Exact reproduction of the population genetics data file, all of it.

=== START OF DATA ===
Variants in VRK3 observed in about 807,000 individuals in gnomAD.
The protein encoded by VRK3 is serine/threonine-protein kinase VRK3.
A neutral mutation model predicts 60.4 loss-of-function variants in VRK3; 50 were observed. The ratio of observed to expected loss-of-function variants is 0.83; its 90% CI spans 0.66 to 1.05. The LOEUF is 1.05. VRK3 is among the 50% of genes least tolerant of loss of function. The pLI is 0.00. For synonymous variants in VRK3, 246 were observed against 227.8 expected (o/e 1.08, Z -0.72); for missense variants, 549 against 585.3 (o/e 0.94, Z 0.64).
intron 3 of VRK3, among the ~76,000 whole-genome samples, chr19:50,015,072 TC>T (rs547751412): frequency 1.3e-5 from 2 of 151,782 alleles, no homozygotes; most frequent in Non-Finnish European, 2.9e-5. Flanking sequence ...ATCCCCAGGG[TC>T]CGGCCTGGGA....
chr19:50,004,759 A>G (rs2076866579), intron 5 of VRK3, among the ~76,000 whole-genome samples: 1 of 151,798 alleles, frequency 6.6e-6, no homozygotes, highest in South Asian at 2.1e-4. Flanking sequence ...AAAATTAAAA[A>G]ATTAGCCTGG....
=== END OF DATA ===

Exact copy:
Variants in VRK3 observed in about 807,000 individuals in gnomAD.
The protein encoded by VRK3 is serine/threonine-protein kinase VRK3.
A neutral mutation model predicts 60.4 loss-of-function variants in VRK3; 50 were observed. The ratio of observed to expected loss-of-function variants is 0.83; its 90% CI spans 0.66 to 1.05. The LOEUF is 1.05. VRK3 is among the 50% of genes least tolerant of loss of function. The pLI is 0.00. For synonymous variants in VRK3, 246 were observed against 227.8 expected (o/e 1.08, Z -0.72); for missense variants, 549 against 585.3 (o/e 0.94, Z 0.64).
intron 3 of VRK3, among the ~76,000 whole-genome samples, chr19:50,015,072 TC>T (rs547751412): frequency 1.3e-5 from 2 of 151,782 alleles, no homozygotes; most frequent in Non-Finnish European, 2.9e-5. Flanking sequence ...ATCCCCAGGG[TC>T]CGGCCTGGGA....
chr19:50,004,759 A>G (rs2076866579), intron 5 of VRK3, among the ~76,000 whole-genome samples: 1 of 151,798 alleles, frequency 6.6e-6, no homozygotes, highest in South Asian at 2.1e-4. Flanking sequence ...AAAATTAAAA[A>G]ATTAGCCTGG....